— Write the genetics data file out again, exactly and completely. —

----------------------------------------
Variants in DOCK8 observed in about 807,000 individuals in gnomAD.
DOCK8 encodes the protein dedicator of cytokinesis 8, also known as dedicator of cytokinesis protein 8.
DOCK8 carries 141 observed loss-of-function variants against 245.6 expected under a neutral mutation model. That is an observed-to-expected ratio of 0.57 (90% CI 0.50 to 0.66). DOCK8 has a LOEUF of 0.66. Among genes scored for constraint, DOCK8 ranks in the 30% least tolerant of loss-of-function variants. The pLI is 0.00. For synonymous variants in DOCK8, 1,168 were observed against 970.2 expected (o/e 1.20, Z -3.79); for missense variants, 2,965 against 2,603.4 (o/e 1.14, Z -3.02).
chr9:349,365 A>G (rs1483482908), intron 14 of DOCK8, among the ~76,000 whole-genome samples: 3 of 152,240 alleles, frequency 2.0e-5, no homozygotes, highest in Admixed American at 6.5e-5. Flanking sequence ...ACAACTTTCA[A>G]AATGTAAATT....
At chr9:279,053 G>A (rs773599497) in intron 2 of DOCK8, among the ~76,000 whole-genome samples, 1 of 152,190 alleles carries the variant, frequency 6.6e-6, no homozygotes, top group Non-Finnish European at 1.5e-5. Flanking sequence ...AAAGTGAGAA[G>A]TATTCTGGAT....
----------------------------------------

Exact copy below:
Variants in DOCK8 observed in about 807,000 individuals in gnomAD.
DOCK8 encodes the protein dedicator of cytokinesis 8, also known as dedicator of cytokinesis protein 8.
DOCK8 carries 141 observed loss-of-function variants against 245.6 expected under a neutral mutation model. That is an observed-to-expected ratio of 0.57 (90% CI 0.50 to 0.66). DOCK8 has a LOEUF of 0.66. Among genes scored for constraint, DOCK8 ranks in the 30% least tolerant of loss-of-function variants. The pLI is 0.00. For synonymous variants in DOCK8, 1,168 were observed against 970.2 expected (o/e 1.20, Z -3.79); for missense variants, 2,965 against 2,603.4 (o/e 1.14, Z -3.02).
chr9:349,365 A>G (rs1483482908), intron 14 of DOCK8, among the ~76,000 whole-genome samples: 3 of 152,240 alleles, frequency 2.0e-5, no homozygotes, highest in Admixed American at 6.5e-5. Flanking sequence ...ACAACTTTCA[A>G]AATGTAAATT....
At chr9:279,053 G>A (rs773599497) in intron 2 of DOCK8, among the ~76,000 whole-genome samples, 1 of 152,190 alleles carries the variant, frequency 6.6e-6, no homozygotes, top group Non-Finnish European at 1.5e-5. Flanking sequence ...AAAGTGAGAA[G>A]TATTCTGGAT....